A Simple Guide to Granite, the Miracle Stone for House Signs
The use of granite for house signs and kitchen tops is becoming more popular, but do you really know what granite is?
Granite is quite simply a type of very hard rock or stone, it is dug from the ground or blasted or cut from the side of mountains, this is called quarrying. The aim of the quarry is to produce large rectangular cool granite colors blocks, some of these blocks can be huge and weigh up to twenty tons! Try to imagine a block of stone 6 feet by 6 feet by 12 feet made of one of the hardest and most dense materials in nature.
Now lets be clear, this is the same stone or rock as is found in our rivers and on many of our beaches all around our coast, especially in Scotland, Cornwall and Devon. Those rocks have been broken and shaped by millions of years of glacial activity but many of them are granite just the same as our blocks.
The blocks are now sawn into sheets of a useful size, the saws are massive beam saws with rows of parallel diamond tipped blades that move backwards and forwards lubricated by water, the blades slice the granite block rather like a bread slicer cutting up a sliced loaf! sounds simple doesn’t it, but granite is incredibly hard, the saws are deafeningly noisy and the process for each block takes days.
Up to this stage the whole business is an act of faith, remember no-one has ever seen this piece of million year old granite, if the stone is seriously flawed or not an acceptable colour all of the work so far is wasted, this will be the first opportunity to see the colour and markings of the stone.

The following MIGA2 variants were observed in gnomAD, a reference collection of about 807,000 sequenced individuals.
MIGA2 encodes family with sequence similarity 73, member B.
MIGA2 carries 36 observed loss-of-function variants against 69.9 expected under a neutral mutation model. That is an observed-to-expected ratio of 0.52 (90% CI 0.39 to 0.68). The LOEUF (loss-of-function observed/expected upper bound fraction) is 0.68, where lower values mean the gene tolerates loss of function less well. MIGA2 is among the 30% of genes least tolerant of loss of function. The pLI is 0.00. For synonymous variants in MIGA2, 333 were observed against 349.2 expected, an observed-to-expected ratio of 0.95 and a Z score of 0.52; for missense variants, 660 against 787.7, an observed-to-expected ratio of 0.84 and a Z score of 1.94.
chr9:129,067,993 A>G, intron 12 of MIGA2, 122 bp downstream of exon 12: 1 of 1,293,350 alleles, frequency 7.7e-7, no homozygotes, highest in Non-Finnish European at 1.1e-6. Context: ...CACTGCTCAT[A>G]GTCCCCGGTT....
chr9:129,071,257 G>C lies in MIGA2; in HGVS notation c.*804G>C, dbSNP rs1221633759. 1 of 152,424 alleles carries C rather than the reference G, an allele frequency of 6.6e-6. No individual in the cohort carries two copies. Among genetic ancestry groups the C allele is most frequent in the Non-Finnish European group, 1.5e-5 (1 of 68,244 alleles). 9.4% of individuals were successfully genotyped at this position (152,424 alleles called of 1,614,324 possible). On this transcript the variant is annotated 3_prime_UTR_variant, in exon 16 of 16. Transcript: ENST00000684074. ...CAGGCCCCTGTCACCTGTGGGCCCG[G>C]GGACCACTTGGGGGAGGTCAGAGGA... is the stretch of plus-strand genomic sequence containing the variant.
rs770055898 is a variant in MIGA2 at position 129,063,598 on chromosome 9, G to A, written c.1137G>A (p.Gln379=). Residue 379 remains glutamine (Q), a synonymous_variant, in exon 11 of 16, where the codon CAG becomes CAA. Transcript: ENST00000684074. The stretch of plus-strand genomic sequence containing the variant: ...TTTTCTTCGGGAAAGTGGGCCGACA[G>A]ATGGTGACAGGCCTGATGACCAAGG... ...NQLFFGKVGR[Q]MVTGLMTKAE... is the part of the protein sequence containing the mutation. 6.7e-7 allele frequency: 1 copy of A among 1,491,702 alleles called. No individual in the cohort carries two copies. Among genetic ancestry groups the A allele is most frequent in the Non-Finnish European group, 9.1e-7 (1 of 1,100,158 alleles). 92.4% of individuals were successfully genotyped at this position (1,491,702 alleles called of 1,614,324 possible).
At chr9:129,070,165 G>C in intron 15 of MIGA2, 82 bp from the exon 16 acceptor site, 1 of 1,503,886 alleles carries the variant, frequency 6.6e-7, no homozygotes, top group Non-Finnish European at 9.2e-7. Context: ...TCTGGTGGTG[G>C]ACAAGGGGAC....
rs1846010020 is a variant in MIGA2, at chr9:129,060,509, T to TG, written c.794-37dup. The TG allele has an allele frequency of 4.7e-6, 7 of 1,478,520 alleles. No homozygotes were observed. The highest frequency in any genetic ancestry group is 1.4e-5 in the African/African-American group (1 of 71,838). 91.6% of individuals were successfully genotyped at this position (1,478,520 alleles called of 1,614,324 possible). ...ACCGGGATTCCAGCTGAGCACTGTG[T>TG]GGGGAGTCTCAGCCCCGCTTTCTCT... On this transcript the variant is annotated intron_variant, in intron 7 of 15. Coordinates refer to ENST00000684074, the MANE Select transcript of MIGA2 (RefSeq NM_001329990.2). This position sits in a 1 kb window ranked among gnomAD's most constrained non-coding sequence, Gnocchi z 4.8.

The newly cut slabs are called scants, they have a rough and pitted face, covered in saw marks, it is difficult to even see the real colour, but by throwing water over the face, the colour and markings become visible and it is possible to see the potential of the scant.
The scants now go for polishing, they are laid flat on polishing machines which used to be called Jenny Linds, they are rotary polishers with large spinning heads that can be changed with different grades of diamond abrasives.
I’m not sure if the modern giant computer controlled versions have such a quaint name, but apart from the name the computers and the size, the principle is the same.
Starting with a coarse grade to grind out the worst marks and grooves the polishing head moves backwards and forwards over the face of the granite in a controlled an even pattern for hour after hour, as each new grade is applied the colour and nature of the granite becomes more apparent, until with the final superfine grades the granite takes on its brilliant polish, the amazing patterns and colours are now seen in their full glory.